Earth, Empire and Sacred Text - Muslims and Christians as Trustees of Creation - David L. Johnston

Earth, Empire and Sacred Text - Muslims and Christians as Trustees of Creation - David L. Johnston

Chapter 4 QUR’AN, BIBLE, HERMENEUTICS AND THEOLOGY

Earth, Empire and Sacred Text - Muslims and Christians as Trustees of Creation - David L. Johnston

David L. Johnston [+-]
Saint Joseph’s University
David L. Johnston is Visiting Scholar at the Department of Near Eastern Languages and Civilizations at the University of Pennsylvania and an adjunct lecturer at the Saint Joseph’s University, Philadelphia. He lived for fifteen years in Algeria, Egypt and the West Bank, where he served as a pastor and teacher. He then completed his PhD work at Fuller Theological Seminary (Pasadena, California) in theology and Islamic Studies; continued his research and taught part-time at the Religious Studies Department at Yale University. His published articles and essays have mostly focused on the intersection of theology and law in contemporary Islam (Islamochristiana, Islamic Law and Society, The Maghreb Review, Die Welt des Islams and Journal of the American Academy of Religion). His blogs can be found on his website, www.humantrustees.org

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The last two chapters began with Martin Luther King Jr and Malcolm X as examples of Muslims and Christians who used the theological notion of inherent human dignity in order to broaden their appeal from civil to human rights. In some ways, King was the pioneer of a genre that came to be known as “liberation theology.” By way of reminder, this theologi- cal movement grew out of the mostly Marxist-inspired post-colonial ferment in Latin America, in which ethics and development theory met in creative ways. Though some Catholic priests, including Camilo Torres, ended up opting for violence, most Latin American theologians did not. But for all these thinkers, the key concept was not economics but power—based on the tragic realization that a handful of elites monopo- lized power while oppressing society’s majorities.   The discourse of liberation was initiated in the Catholic Church, yet by the early 1970s it had been co-opted by Latin American social scientists, planners, and even some political leaders. It was a call to set aside the theories of the elite “and replace them with a deliberate stress on self- development as opposed to aid, foreign investment, and technical assistance.”   This perspective of sociopolitical liberation in theological circles spread to Africa and Asia as well. Particularly interesting were the theological storms swirling around the issue of apartheid in South Africa,  where some Muslims began to join the mostly black Christians in liberation circles. I begin this chapter, therefore, with this intriguing case study of theological cross-pollenization and then continue with some broader remarks about theological currents among Muslims.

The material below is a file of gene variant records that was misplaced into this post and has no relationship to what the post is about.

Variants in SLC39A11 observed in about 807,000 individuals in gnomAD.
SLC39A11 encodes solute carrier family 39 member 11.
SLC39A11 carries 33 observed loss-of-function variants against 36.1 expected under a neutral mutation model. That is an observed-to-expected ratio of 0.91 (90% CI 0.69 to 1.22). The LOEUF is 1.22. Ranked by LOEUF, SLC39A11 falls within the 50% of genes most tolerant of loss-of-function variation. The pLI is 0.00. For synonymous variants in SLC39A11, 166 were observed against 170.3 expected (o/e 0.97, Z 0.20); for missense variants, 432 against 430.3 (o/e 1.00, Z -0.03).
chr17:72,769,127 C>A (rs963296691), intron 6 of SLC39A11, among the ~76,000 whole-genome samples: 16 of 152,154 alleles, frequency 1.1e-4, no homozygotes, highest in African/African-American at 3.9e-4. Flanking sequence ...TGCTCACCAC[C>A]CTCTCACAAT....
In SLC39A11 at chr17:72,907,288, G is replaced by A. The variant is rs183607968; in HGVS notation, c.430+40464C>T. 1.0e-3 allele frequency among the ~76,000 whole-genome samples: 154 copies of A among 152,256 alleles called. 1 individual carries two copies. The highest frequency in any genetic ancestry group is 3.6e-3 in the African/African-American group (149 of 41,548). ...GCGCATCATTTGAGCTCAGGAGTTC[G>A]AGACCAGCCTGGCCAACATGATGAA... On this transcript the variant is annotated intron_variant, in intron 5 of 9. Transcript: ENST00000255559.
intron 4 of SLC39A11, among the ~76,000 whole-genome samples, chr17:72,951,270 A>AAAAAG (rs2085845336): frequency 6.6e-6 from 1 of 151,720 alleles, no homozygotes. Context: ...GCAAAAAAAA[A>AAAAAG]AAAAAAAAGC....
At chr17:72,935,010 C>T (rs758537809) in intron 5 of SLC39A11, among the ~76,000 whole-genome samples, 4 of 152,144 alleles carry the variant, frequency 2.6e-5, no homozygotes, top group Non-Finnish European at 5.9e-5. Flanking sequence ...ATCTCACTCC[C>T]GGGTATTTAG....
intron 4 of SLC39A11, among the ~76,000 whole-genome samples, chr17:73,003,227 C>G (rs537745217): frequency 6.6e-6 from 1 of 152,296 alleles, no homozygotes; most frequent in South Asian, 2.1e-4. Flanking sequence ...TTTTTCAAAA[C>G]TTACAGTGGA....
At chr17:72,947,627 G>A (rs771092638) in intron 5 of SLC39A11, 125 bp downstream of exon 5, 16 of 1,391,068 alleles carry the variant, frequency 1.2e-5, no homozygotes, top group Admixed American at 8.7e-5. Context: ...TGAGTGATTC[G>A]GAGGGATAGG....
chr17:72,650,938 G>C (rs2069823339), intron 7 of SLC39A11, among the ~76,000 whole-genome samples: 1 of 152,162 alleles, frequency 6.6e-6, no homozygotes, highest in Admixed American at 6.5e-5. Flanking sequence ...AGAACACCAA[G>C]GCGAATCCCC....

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Citation

Johnston, David L.. Chapter 4 QUR’AN, BIBLE, HERMENEUTICS AND THEOLOGY. Earth, Empire and Sacred Text - Muslims and Christians as Trustees of Creation. Equinox eBooks Publishing, United Kingdom. p. 161 - 207 Apr 2010. ISBN 9781781790359. https://www.equinoxpub.com/home/view-chapter/?id=19279. Date accessed: 21 Nov 2017 doi: 10.1558/equinox.19279. Apr 2010

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